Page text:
There actually is, the words are Curtiss-Wright. They developped the technology for the military in the 70's and it was an engine that ran on diesel with spark. That would cover Marc's comment at the same time.There is no way it can run on Diesel and gasoline.
todays humves, probably a product of the 70s, can run on diesel, gas, just about anythingThere actually is, the words are Curtiss-Wright. They developped the technology for the military in the 70's and it was an engine that ran on diesel with spark. That would cover Marc's comment at the same time.
Correct, but then their engine wasn't a true diesel that used compression ignition. It ran relatively low compression and made use of spark ignition to ignite the diesel fuel by stratifying it through direct injection. It wasn't a true diesel in that sense, but it ran on diesel fuel nonetheless and from what I understood ran quite well. There are some SAE papers around that cover it.Ok and how would they solve the pre-compression rotor -> combustion rotor housing. There is no way for a rotary to build the compression in a single housing.
The surprise here is that the new rotary will have company in the engine bay via forced induction or some other kind of assist. There are murmurs that the company is working on a hybrid version using the rotary engine. Details are still sketchy at best, but the good news is that we’re relatively sure that the rotary engine and the RX name is here to stay.
Mazda is planning a turbocharged successor to the much-missed RX-7 that could arrive as soon as 2013.
The new RX-7 — which could be called RX-9, according to insiders — will retain the rotary Renesis technology employed by its predecessors and the RX-8.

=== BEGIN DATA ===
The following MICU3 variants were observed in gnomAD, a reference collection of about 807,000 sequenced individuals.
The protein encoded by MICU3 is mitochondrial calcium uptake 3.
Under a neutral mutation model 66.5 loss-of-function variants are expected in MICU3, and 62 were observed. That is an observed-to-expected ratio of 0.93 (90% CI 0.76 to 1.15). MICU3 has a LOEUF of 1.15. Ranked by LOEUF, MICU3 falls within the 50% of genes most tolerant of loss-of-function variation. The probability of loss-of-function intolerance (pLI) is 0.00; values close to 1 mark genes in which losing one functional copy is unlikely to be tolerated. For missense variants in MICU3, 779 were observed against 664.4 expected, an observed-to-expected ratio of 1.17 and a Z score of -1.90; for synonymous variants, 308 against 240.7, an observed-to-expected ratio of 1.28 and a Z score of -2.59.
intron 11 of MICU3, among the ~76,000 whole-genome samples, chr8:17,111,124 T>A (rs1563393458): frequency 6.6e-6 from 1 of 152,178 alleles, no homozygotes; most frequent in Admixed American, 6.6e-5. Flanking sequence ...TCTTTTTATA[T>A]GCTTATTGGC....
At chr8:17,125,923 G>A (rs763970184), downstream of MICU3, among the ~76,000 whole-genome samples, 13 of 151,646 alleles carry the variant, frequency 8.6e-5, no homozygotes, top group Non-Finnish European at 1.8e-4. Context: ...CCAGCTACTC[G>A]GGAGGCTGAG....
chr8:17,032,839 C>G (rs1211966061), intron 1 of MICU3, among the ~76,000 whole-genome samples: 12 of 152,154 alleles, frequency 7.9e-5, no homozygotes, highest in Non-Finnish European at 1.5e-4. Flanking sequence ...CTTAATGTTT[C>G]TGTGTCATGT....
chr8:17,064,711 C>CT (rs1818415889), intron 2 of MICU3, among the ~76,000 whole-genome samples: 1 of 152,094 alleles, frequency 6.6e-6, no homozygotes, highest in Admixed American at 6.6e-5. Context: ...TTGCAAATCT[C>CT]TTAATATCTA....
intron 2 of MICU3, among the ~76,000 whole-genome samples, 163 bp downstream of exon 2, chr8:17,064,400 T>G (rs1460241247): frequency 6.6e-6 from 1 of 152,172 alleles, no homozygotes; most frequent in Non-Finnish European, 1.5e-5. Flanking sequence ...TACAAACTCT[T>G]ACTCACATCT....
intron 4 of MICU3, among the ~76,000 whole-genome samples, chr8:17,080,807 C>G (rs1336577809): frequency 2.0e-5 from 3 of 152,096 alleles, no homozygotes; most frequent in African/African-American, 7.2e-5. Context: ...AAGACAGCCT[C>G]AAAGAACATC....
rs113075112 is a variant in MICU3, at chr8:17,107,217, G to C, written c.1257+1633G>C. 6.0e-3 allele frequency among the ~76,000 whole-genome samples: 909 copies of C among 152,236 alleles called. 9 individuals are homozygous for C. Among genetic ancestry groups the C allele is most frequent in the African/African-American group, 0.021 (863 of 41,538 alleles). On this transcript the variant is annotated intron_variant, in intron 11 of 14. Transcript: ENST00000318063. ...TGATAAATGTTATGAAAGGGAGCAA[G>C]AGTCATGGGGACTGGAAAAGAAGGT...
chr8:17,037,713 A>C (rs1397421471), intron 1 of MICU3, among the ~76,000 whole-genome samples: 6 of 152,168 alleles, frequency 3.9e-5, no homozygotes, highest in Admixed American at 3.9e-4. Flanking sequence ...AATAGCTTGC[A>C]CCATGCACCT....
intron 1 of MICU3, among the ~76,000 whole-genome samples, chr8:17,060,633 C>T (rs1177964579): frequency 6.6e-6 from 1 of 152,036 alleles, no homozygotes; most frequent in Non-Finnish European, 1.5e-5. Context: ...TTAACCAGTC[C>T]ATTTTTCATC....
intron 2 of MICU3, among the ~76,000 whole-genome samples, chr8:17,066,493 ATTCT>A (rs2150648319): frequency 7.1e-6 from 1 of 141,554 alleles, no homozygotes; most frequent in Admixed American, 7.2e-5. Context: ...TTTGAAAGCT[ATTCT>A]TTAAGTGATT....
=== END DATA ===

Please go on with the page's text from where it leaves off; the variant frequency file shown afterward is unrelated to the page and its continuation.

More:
This is despite the RX-8 — production of which will end next month — suffering from a shortage of torque and poor fuel economy.
But Mazda is considering a wide range of radical options to help the powerplant deliver better economy and the torque required to keep pace with rivals like the VW Scirocco.
One source told us: “We’re testing the rotary in conjunction with technologies including an electric turbocharger.”
The new model is seen as ideal candidate for the Nagare design language, which is inspired by nature — in particular, wind and flowing water — and produced five highly rated concepts in 2006 and 2007.
Nagare will not feature on any future Mazda concept cars (the firm will reveal a new design direction in the autumn) but it will still make it on to the firm’s upcoming production cars, including the newly launched 5.
Employing Nagare’s side panel creases should prove a more straightforward process on the RX-9 sports car.
I thought this too, but then again it could be kept slightly the same since it is a car with a legacy to uphold.now I know that report is bunk because Mazda officially denounced Nagare design language on their new models.
So this "source" is talking out their ass.
Hell, I'd like to see a twincharged (turbocharged / supercharged) gas-electric hybrid rotary
That'd be sweet.
Mazda still is teasing us with rumors of the return of the RX-7; rumors that continue to heat up as production of the RX-8 - the Japanese automaker's only Renesis rotary-powered vehicle in its fleet - winds down this year.
We hear that the engine still being considered for the new RX-7 is a version of the 16X direct-injection rotary powerplant first unveiled at the 2007 Tokyo motor show. But according to a source close to Mazda, the engine still does not meet the company's goal of lower emissions, better fuel economy, and beefier mid-range torque, issues that plagued the RX-8.
One insider tells us that to remedy this situation, engineers are thinking outside the box and "testing the rotary in conjunction with technologies including an electric turbo." We were also told not to expect a hybrid or hydrogen interference, as those have been tested and apparently don't solve the underlying issues Mazda is trying to address.
In addition, we hear that if the car gets the green light, Mazda is seriously considering changing the name from RX-7 to RX-9, a moniker that has been tossed around before. If the RX-7 actually does reach production, don't expect it before calendar year 2013 at the earliest, possibly wearing some of the same design cues featured on the latest Mazda5 as rendered in the illustration at top. Mazda has indicated that its design direction will be moving away from the 'Nagare' flowing theme seen in the illustration, but it will likely take a generation or two for the new direction to supplant the present aesthetic.